Shfaram is a city in the north of Israel and home to a Druze, Arab and Christian population of more than 40,000 residents. The city has a low ranking on the national socio-economic index. Over the past years, many new residents moved to the city, resulting in a more diverse population. This is reflected in the city’s education system; there are 9 middle and high schools, including two private schools, 6-year schools and independent middle and high schools. In 2017, 49% of the 12th grade students were entitled to a matriculation certificate (in comparison to a national average of 68.2%)
From 2014, the city decided to improve mathematics excellence and to elevate the rate of 12th grade students completing 5-unit mathematics, which was 3.4%. They hired four new school principals and recruited new teachers. Gradually, achievement was on the rise and in 2017 almost 7.5% of the students in Shfaram graduated 5-unit mathematics. However, there is still an untapped potential, particularly in the public schools. These schools still do not offer advanced tracks in middle school, and as a result, many families decide to send their children to private schools in and outside the city.
In the public schools some 33% of the students drop down from 5- to 4-units in 11th grade, and only 75% of the remaining students actually take the 5-units exam at the end of 12th grade. The municipality claims that this is happening because of lack of student motivation and drive, poor management practices and teaching quality. They admit that families tend to not trust the education administration in the city, and that they need to commit to a serious change.
To address these issues, the municipality is planning a three-year program, aimed to reduce drop-out of the students throughout high school, and to increase the number of five-unit graduates to 14% by 2021. The municipality will open excellence tracks in four public middle schools and engage the school principals via joint meetings and individual coaching. In addition, the city will organize two conferences annually, add supplementary teaching hours for students, organize workshops for parents and students and launch a local media campaign.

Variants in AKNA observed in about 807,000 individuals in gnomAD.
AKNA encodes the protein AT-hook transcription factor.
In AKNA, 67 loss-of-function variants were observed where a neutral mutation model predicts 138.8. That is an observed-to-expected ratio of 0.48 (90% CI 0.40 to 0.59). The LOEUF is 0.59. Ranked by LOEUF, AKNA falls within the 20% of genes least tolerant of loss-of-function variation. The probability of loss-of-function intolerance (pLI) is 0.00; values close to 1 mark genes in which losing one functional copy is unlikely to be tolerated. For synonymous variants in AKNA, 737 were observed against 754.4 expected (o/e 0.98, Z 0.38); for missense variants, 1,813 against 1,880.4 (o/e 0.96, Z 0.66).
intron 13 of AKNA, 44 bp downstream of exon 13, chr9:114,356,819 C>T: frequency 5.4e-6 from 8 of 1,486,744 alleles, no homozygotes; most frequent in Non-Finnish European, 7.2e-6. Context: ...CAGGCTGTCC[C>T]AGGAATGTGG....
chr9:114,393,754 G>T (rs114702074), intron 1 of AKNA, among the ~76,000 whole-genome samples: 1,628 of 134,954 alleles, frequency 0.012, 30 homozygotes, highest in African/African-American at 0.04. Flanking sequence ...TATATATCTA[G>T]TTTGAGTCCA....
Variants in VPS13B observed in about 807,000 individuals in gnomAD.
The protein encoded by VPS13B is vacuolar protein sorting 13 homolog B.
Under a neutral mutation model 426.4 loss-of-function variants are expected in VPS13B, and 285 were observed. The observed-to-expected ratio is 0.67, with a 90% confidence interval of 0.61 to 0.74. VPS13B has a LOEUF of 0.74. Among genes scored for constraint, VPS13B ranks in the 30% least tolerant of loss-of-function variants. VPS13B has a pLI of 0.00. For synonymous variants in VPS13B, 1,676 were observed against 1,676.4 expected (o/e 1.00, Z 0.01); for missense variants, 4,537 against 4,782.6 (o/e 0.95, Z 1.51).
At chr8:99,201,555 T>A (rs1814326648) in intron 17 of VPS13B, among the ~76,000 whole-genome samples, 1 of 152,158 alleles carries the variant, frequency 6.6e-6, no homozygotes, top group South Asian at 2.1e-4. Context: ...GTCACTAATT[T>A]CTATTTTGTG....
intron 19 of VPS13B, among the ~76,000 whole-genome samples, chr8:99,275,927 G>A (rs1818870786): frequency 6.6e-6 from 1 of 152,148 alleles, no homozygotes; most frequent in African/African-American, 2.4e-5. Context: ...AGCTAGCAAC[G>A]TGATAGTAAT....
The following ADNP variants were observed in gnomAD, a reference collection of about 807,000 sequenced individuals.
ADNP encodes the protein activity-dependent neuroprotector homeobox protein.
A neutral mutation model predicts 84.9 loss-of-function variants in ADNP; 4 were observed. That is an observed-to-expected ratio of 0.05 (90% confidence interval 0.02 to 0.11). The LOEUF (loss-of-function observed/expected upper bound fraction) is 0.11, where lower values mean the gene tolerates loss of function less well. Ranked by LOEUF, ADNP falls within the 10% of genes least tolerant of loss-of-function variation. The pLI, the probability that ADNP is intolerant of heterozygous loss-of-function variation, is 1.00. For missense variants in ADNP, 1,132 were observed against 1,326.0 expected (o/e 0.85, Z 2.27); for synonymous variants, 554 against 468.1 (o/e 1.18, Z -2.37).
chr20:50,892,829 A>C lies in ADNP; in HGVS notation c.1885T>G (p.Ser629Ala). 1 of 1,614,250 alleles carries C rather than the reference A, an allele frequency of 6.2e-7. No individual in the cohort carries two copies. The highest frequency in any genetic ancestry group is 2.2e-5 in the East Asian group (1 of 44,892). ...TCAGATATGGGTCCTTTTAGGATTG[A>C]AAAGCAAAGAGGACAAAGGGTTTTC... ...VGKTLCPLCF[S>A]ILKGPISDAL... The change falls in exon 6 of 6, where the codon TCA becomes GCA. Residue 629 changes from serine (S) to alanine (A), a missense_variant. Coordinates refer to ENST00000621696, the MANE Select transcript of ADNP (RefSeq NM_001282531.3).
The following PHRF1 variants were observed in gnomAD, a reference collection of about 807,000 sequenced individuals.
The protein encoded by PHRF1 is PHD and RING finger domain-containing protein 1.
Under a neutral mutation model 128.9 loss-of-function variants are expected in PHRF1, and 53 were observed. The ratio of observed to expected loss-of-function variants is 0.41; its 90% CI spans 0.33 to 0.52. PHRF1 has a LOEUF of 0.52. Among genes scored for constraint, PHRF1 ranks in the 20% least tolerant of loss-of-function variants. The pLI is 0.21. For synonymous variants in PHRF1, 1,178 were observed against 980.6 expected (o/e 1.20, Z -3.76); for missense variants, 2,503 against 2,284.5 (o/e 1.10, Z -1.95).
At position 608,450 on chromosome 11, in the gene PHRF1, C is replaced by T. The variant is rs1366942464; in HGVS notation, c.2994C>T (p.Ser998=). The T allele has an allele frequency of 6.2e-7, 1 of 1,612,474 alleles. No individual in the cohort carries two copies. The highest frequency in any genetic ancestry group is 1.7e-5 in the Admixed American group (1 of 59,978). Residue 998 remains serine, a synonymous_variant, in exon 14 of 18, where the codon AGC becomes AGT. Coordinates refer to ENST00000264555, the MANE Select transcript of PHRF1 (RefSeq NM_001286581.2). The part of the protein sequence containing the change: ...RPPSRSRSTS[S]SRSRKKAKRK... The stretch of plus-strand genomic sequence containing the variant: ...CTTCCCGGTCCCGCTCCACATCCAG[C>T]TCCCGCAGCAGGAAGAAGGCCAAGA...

With assistance from the foundation, the municipality proposes to establish three communities of practice; one for the 20 current and potential 5-unit teachers, and one for the city’s 30 middle school teachers. The communities will meet for 60 hours, once every two weeks, and focus on developing mathematical knowledge and clinical tools, to prevent the drop-out of high-school students. A third community, for 18 mathematics department heads from the 9 middle and high schools, will work on creating a smooth transition from middle to high school, and learn to facilitate school based communities which they then will establish in their schools.
A program manager, who will be responsible for promoting mathematics excellence in the city, will lead the program and a steering committee will meet three times a year to guide the program.
* The text presented above shows the grant as approved by the Foundation Board / Grant 296